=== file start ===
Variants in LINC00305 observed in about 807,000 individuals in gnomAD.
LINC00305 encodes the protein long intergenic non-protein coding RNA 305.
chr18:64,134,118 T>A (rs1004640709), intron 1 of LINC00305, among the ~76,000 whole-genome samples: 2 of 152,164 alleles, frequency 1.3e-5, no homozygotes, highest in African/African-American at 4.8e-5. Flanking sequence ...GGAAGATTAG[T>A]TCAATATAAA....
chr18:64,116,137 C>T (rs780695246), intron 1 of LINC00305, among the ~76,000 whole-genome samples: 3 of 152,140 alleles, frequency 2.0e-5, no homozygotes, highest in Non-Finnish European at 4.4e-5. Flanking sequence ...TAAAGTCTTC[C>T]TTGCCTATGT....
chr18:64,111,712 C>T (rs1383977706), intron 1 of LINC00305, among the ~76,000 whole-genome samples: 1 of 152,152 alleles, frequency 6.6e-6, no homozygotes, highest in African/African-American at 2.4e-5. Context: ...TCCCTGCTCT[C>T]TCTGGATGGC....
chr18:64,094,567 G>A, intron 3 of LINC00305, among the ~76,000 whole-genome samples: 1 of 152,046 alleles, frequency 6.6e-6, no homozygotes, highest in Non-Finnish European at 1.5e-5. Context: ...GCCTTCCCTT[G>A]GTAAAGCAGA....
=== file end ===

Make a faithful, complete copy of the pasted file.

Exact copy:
Variants in LINC00305 observed in about 807,000 individuals in gnomAD.
LINC00305 encodes the protein long intergenic non-protein coding RNA 305.
chr18:64,134,118 T>A (rs1004640709), intron 1 of LINC00305, among the ~76,000 whole-genome samples: 2 of 152,164 alleles, frequency 1.3e-5, no homozygotes, highest in African/African-American at 4.8e-5. Flanking sequence ...GGAAGATTAG[T>A]TCAATATAAA....
chr18:64,116,137 C>T (rs780695246), intron 1 of LINC00305, among the ~76,000 whole-genome samples: 3 of 152,140 alleles, frequency 2.0e-5, no homozygotes, highest in Non-Finnish European at 4.4e-5. Flanking sequence ...TAAAGTCTTC[C>T]TTGCCTATGT....
chr18:64,111,712 C>T (rs1383977706), intron 1 of LINC00305, among the ~76,000 whole-genome samples: 1 of 152,152 alleles, frequency 6.6e-6, no homozygotes, highest in African/African-American at 2.4e-5. Context: ...TCCCTGCTCT[C>T]TCTGGATGGC....
chr18:64,094,567 G>A, intron 3 of LINC00305, among the ~76,000 whole-genome samples: 1 of 152,046 alleles, frequency 6.6e-6, no homozygotes, highest in Non-Finnish European at 1.5e-5. Context: ...GCCTTCCCTT[G>A]GTAAAGCAGA....